What is elliptical motion?
In elliptical motion the mobile describes an ellipse, just as the planets do around the Sun , and the Moon and artificial satellites around the Earth, to name a few familiar examples. elliptical motion
The force that gives rise to this movement is the force of gravity, a central force. These kinds of forces are directed towards (or from) a fixed point O, and their modulus depends on the distance to that point. If r is the distance and u r is the unit vector in the radial direction, the central force F is a vector function of the form:
F = F (r) u r
With some mathematics it can be shown that the motion of an object under the action of gravity follows one of these four trajectories: ellipse, circumference, hyperbola or parabola.
Characteristics of the elliptical movement elliptical motionelliptical motion
Some of the main characteristics of elliptical movement under central force are:
-The angular momentum with respect to O is conserved, called L and which is calculated through the vector product between the position and velocity vectors: L = r × m v , where m represents the mass of the moving object.
-The elliptical orbit lies in the plane determined by the vectors r and v.
-From the conservation of angular momentum, the so-called law of areas is derived , which establishes that the mobile travels through equal areas in equal times. elliptical motion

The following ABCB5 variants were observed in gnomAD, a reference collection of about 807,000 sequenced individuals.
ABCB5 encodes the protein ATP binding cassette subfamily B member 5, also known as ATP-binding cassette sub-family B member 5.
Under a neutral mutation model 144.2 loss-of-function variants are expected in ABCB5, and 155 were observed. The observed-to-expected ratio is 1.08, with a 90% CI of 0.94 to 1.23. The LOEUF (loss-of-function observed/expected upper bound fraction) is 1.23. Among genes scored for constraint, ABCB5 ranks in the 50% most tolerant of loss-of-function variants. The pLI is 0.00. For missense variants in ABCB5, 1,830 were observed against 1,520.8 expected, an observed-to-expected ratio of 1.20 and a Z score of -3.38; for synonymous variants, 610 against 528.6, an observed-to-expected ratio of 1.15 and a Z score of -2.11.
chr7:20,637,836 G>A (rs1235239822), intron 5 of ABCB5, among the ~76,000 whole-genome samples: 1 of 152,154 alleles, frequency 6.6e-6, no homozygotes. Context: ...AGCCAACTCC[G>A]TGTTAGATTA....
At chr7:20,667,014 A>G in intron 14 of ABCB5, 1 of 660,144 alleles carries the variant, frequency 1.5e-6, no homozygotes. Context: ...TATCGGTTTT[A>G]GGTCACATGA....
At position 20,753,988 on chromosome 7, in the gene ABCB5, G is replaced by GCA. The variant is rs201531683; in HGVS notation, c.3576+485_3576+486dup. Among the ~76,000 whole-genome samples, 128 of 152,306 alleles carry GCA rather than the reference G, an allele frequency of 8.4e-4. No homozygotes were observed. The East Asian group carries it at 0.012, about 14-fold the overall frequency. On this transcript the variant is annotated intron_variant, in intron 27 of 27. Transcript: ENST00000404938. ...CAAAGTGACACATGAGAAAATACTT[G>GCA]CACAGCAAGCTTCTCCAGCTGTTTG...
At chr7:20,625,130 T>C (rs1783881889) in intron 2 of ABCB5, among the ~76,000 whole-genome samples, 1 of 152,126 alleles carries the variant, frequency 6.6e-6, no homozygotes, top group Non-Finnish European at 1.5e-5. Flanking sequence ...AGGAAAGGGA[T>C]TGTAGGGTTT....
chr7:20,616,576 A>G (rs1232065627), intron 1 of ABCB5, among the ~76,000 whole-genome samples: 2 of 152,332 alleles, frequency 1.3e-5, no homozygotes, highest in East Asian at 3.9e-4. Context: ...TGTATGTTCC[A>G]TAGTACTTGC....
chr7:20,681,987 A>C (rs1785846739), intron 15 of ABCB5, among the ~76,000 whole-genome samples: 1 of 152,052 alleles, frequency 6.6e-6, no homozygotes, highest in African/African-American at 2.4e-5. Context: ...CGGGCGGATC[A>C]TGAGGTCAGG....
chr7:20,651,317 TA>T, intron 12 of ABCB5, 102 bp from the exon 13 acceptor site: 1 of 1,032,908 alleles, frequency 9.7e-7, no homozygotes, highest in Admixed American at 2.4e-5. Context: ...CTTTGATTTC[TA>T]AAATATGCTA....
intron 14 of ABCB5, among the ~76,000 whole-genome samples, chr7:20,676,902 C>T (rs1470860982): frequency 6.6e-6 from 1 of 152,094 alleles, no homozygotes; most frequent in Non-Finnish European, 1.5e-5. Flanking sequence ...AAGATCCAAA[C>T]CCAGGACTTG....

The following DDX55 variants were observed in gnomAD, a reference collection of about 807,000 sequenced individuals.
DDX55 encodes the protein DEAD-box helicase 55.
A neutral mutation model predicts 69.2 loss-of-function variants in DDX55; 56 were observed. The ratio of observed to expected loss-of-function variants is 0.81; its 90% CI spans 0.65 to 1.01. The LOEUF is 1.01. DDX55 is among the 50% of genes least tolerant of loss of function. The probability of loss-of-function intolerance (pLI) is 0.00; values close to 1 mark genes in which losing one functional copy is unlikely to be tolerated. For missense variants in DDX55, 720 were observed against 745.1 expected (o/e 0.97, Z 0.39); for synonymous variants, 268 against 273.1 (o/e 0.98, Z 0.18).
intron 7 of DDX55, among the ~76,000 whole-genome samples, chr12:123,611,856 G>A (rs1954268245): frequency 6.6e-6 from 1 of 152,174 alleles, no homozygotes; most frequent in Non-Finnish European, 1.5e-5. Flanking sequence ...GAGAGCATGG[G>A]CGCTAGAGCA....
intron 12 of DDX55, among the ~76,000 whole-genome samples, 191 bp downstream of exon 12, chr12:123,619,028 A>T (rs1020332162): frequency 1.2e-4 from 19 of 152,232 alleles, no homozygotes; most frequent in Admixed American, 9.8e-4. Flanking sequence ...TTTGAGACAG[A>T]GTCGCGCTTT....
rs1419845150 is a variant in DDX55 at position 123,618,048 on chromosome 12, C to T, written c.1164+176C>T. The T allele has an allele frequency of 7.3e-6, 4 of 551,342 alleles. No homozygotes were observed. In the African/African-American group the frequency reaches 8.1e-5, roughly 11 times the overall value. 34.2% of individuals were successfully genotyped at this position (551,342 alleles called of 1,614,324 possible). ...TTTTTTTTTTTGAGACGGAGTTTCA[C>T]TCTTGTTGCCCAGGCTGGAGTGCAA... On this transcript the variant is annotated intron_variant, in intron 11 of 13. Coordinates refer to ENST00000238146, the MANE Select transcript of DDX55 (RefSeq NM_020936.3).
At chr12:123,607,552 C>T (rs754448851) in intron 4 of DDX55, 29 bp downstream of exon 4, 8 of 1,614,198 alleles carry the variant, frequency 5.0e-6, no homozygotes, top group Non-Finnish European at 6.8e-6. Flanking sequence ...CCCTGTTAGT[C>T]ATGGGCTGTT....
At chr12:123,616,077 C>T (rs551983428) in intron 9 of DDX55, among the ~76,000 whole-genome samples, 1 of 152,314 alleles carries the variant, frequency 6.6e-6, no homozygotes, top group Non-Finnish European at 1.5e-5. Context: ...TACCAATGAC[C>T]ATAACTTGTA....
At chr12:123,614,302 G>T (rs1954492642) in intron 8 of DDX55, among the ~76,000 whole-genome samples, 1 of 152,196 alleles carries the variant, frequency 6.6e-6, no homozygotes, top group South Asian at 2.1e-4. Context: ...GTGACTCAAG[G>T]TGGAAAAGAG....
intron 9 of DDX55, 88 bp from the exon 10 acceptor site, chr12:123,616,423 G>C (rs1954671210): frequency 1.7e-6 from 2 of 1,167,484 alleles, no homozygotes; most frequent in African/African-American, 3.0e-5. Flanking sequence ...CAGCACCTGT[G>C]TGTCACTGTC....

-Mechanical energy is also conserved in elliptical motion, if there are no dissipative forces.
-The time it takes for the mobile to make an orbit and its total energy depend only on the length “a” of the ellipse’s semi-major axis.
Differences with circular motion
Although both in circular and elliptical motion the object moves in a closed and repetitive path, that is, periodic, there are obvious differences between one movement and another, such as:
-In circular motion the mobile describes a circumference, whose radius (distance to the center of the path) is constant, while in elliptical motion it describes an ellipse, in which the distance to the center of the path is variable (see figure 1 ).
-In the case of uniform circular motion MCU, the mobile sweeps equal angles in equal times, but in planetary elliptical motion equal areas are swept in equal times. This is the law of areas, also known as Kepler’s second law of planetary motion.
Important equations of planetary elliptical motion elliptical motion
In elliptical motion derived from gravitational attraction, the period T of motion is the time it takes for the planet or satellite (m) to make an elliptical turn around the Sun or Earth (M). Applying the conservation of energy, it follows that it is proportional to the cube of the length of the semi-major axis of the ellipse:
Where G is the universal gravitation constant: 6.67 × 10 -11 N ∙ m 2 / kg 2 , M is the mass of the Sun, the Earth or the object causing the interaction on m and “a” is the length of the semi-major axis .
Mechanical energy elliptical motion
The total energy for the planet (m) – Sun (M) system is:
The magnitude of the angular momentum at a point on the elliptical orbit also depends on the length of the semi-major axis, as well as on the eccentricity “e”, a dimensionless parameter that indicates how flattened the ellipse is. If e = 0, the ellipse becomes a circle.